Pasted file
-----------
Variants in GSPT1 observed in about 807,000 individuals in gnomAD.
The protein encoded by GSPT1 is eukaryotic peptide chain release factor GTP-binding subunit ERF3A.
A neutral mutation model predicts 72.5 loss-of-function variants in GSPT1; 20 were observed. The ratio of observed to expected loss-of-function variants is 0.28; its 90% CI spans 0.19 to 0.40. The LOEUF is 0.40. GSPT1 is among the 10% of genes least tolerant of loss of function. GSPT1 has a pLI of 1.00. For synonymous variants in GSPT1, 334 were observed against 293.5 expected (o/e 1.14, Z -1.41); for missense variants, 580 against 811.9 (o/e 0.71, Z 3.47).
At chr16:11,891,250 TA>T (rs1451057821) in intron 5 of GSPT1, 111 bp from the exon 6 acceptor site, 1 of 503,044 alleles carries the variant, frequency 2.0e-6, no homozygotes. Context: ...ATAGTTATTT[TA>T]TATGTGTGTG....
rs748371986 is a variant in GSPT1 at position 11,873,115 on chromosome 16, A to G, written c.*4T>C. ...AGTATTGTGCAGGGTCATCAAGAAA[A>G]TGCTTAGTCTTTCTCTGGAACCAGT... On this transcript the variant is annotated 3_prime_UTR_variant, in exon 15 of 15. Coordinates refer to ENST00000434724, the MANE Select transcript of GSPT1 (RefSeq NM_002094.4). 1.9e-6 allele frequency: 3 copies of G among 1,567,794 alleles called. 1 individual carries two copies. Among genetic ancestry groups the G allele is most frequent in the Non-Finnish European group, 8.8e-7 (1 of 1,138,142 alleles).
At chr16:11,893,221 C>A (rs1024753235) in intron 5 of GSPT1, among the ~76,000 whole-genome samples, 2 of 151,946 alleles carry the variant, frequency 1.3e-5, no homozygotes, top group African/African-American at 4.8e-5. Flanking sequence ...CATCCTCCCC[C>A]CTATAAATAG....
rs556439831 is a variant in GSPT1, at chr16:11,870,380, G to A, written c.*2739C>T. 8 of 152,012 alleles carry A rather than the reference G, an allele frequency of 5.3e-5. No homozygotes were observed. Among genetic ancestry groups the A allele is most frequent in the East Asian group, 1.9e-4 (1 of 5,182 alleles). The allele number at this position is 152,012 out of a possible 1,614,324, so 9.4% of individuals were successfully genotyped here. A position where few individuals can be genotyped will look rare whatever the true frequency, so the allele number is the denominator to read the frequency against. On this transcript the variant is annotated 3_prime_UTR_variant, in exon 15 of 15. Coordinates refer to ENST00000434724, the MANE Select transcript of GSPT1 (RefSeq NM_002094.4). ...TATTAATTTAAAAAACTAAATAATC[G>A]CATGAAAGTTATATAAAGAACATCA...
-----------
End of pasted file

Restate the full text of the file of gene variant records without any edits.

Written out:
Variants in GSPT1 observed in about 807,000 individuals in gnomAD.
The protein encoded by GSPT1 is eukaryotic peptide chain release factor GTP-binding subunit ERF3A.
A neutral mutation model predicts 72.5 loss-of-function variants in GSPT1; 20 were observed. The ratio of observed to expected loss-of-function variants is 0.28; its 90% CI spans 0.19 to 0.40. The LOEUF is 0.40. GSPT1 is among the 10% of genes least tolerant of loss of function. GSPT1 has a pLI of 1.00. For synonymous variants in GSPT1, 334 were observed against 293.5 expected (o/e 1.14, Z -1.41); for missense variants, 580 against 811.9 (o/e 0.71, Z 3.47).
At chr16:11,891,250 TA>T (rs1451057821) in intron 5 of GSPT1, 111 bp from the exon 6 acceptor site, 1 of 503,044 alleles carries the variant, frequency 2.0e-6, no homozygotes. Context: ...ATAGTTATTT[TA>T]TATGTGTGTG....
rs748371986 is a variant in GSPT1 at position 11,873,115 on chromosome 16, A to G, written c.*4T>C. ...AGTATTGTGCAGGGTCATCAAGAAA[A>G]TGCTTAGTCTTTCTCTGGAACCAGT... On this transcript the variant is annotated 3_prime_UTR_variant, in exon 15 of 15. Coordinates refer to ENST00000434724, the MANE Select transcript of GSPT1 (RefSeq NM_002094.4). 1.9e-6 allele frequency: 3 copies of G among 1,567,794 alleles called. 1 individual carries two copies. Among genetic ancestry groups the G allele is most frequent in the Non-Finnish European group, 8.8e-7 (1 of 1,138,142 alleles).
At chr16:11,893,221 C>A (rs1024753235) in intron 5 of GSPT1, among the ~76,000 whole-genome samples, 2 of 151,946 alleles carry the variant, frequency 1.3e-5, no homozygotes, top group African/African-American at 4.8e-5. Flanking sequence ...CATCCTCCCC[C>A]CTATAAATAG....
rs556439831 is a variant in GSPT1, at chr16:11,870,380, G to A, written c.*2739C>T. 8 of 152,012 alleles carry A rather than the reference G, an allele frequency of 5.3e-5. No homozygotes were observed. Among genetic ancestry groups the A allele is most frequent in the East Asian group, 1.9e-4 (1 of 5,182 alleles). The allele number at this position is 152,012 out of a possible 1,614,324, so 9.4% of individuals were successfully genotyped here. A position where few individuals can be genotyped will look rare whatever the true frequency, so the allele number is the denominator to read the frequency against. On this transcript the variant is annotated 3_prime_UTR_variant, in exon 15 of 15. Coordinates refer to ENST00000434724, the MANE Select transcript of GSPT1 (RefSeq NM_002094.4). ...TATTAATTTAAAAAACTAAATAATC[G>A]CATGAAAGTTATATAAAGAACATCA...